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Maraziti v. Corigliano

Decided: December 21, 1953.


Clapp, Goldmann and Ewart. The opinion of the court was delivered by Goldmann, J.A.D.


Plaintiff, a licensed real estate broker of New Jersey, instituted an action in the Morris County District Court for a $500 commission allegedly due him under an exclusive sales listing agreement dated August 26, 1950. The agreement gave plaintiff the exclusive right "for five weeks from the date hereof, and thereafter until I shall have given Albert M. Maraziti ten days notice of termination in writing," to sell or exchange certain property owned by defendant. Defendant further agreed to pay plaintiff a commission of $500 on such sale or exchange "in case it is sold by him, me, or anyone else during the period herein mentioned." Defendant, without terminating plaintiff's agency, sold the property on March 26, 1951. He refused to pay the agreed commission.

Defendant filed no answer to the complaint but entered a general appearance. At the trial in the district court he interposed two defenses: (1) since plaintiff treated the agreement as an exclusive agency rather than an exclusive right to sell, defendant, as owner, did not relinquish his right to sell the property himself; and (2) the agreement contained no definite termination date, as provided by N.J.S.A. 45:15-17(f), and hence plaintiff is not entitled to the commission because he violated the provisions of that statute. Plaintiff objected to the introduction of the defenses because they were not formally pleaded by way of answer. He testified, the agreement was introduced in evidence, and the case submitted on an agreed set of facts and briefs. The court entered judgment of $500 and costs in plaintiff's favor, and defendant appeals. The first of the two defenses raised in the court below is not raised on this appeal. It was without merit; the agreement gave plaintiff the right to a $500 commission whether the property was sold by him, defendant or any one else.

Defendant contends here that the contract was "illegal and void ab initio " because it violated N.J.S.A. 45:15-17(f)

and was in contravention of public policy. The cited section, along with one other, was added to R.S. 45:15-17 by way of amendment in 1948. L. 1948, c. 155, § 2. (This section was amended in other respects by L. 1953, c. 229.) N.J.S.A. 45:15-17(f) provides that the New Jersey Real Estate Commission may revoke a real estate broker's license for

"(f) Failure to provide his client with a fully executed copy of any sole or exclusive sales listing contract at the time of execution thereof, and failure to specify therein a definite terminal date which terminal date shall not be subject to any qualifying terms or conditions."

Defendant argues that the agreement did not contain a definite terminal date without qualifying terms and conditions; that the statute attaches a penalty in such case, and therefore the agreement is void notwithstanding that the statute does not expressly pronounce it so.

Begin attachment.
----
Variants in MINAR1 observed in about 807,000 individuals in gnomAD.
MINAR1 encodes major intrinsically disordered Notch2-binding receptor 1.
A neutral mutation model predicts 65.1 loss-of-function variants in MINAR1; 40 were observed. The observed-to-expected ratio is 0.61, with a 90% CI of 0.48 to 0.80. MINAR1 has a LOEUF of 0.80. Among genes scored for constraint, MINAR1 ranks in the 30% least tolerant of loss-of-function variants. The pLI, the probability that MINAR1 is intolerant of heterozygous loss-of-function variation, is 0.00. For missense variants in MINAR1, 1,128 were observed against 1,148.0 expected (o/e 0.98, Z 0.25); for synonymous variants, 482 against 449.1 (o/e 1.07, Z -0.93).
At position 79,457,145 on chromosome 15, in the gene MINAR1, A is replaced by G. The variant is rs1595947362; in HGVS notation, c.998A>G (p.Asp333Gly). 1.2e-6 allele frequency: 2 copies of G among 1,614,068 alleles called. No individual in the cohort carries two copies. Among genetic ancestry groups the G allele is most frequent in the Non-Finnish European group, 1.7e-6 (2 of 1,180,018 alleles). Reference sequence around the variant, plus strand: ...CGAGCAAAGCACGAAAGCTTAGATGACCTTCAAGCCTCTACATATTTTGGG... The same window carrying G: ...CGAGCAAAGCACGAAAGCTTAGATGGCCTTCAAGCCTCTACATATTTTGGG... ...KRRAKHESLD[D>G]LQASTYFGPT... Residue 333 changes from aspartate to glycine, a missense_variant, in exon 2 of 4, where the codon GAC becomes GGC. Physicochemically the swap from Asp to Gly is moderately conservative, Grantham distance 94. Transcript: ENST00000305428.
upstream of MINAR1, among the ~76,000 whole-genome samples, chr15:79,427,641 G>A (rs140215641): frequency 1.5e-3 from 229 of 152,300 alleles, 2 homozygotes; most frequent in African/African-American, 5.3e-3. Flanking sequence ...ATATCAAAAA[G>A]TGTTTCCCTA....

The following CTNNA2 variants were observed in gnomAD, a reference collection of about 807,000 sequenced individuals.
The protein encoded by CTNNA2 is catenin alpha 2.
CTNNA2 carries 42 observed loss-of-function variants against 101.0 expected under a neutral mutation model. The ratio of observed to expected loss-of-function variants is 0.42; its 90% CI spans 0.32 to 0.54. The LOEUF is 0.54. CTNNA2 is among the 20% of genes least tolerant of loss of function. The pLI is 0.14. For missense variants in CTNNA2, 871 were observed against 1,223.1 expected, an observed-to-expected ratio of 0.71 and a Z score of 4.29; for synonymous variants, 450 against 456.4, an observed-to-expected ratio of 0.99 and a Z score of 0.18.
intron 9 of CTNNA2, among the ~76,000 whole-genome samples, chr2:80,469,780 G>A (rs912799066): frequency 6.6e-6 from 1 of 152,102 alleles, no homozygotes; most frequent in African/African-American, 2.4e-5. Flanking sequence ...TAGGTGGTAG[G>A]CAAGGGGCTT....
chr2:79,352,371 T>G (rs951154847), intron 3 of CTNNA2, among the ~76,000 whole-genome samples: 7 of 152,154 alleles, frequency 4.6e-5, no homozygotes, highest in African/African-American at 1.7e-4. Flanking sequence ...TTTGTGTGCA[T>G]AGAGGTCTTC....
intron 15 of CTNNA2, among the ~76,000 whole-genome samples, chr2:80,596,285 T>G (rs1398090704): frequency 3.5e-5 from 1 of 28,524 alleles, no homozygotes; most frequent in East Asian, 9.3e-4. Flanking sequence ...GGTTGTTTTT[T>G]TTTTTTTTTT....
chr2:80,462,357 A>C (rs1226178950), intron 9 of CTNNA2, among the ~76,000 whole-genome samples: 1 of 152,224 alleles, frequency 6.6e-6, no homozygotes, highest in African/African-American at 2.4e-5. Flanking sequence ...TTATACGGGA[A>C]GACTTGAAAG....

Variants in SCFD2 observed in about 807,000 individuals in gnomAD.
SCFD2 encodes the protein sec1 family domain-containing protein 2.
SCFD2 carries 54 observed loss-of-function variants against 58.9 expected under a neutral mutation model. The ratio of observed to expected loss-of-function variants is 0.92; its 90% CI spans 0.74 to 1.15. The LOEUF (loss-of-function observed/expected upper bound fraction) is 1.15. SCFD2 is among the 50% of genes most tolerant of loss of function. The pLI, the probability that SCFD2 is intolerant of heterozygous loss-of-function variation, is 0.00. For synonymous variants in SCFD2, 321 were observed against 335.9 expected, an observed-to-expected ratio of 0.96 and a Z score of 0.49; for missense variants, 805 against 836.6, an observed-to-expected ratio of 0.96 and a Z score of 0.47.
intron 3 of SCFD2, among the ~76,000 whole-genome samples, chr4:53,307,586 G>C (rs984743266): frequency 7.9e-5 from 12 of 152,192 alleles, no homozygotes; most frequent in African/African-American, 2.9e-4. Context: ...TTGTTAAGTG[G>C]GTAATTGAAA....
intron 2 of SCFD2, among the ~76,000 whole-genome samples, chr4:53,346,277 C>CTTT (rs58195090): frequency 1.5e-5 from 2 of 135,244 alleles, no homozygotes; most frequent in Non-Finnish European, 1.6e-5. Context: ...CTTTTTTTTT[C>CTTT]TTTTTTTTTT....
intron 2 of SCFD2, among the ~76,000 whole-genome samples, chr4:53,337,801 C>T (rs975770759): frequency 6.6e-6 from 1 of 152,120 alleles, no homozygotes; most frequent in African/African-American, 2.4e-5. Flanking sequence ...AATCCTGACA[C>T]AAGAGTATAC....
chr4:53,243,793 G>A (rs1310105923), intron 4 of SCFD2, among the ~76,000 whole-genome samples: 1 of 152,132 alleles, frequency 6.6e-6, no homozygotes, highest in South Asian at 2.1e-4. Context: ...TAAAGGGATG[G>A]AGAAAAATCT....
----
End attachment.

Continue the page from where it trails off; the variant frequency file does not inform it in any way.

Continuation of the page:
We deal initially with plaintiff's contention that this defense has no standing because defendant failed to specially plead illegality in the trial court. He relies on R.R. 4:8-3 (formerly Rule 3:8-3), which is incorporated in the district court practice by R.R. 7:5-5, relating to the form of answers in that court. The argument is clearly unsound. R.R. 7:5-4 permits a defendant to defend by entering his appearance or by filing an answer. The rules do not make the filing of the answer compulsory. Defendant here chose not to file an answer, but did enter an appearance, thus apprising plaintiff of his intention to defend the action. If plaintiff was at all concerned as to what the defense might be, he could readily have ascertained it by resorting to the comprehensive discovery proceedings permitted by the rules, particularly R.R. 4:16-1 et seq. relating to depositions or R.R. 4:23-1 et seq. relating to interrogatories -- see R.R. 7:6-4 and 5, applicable to county district courts -- or even to the pretrial procedure permitted by R.R. 7:6-3 which may be invoked by motion. He could thereby have forced defendant to disclose his position. He did not do so.

Eventually defendant stated his defense at the outset of the hearing. The defense of illegality was a strictly legal one. Plaintiff objected to it and then took the stand and testified. It was then agreed to submit the case to the court on an agreed set of facts and briefs. This afforded plaintiff an opportunity to meet the defense and overcome it if he could.

Our district court practice was designed so as to render speedy and substantial justice to the large number of litigants who resort to that court for the determination of their claims. The rules reflect this consideration, for after considerable deliberation answers have not been required.

The first question for determination is whether there was a definite terminal date without qualifying terms or conditions, within the purview of N.J.S.A. 45:15-17(f). Our statute is in many respects similar to the California act relating to the grounds for the suspension or revocation of real estate brokers' licenses, Deering, California Codes, Business and Professions , § 10176, whose legislative history antedates ours which was first enacted in 1921. N.J.S.A. 45:15-17(f), imported into our law by the amendment of 1948 (L. 1948, c. 155, § 2), is similar to section 10176(f) of the California statute enacted in 1945 (Cal. Stats. 1945, c. 660, § 4). We may ...

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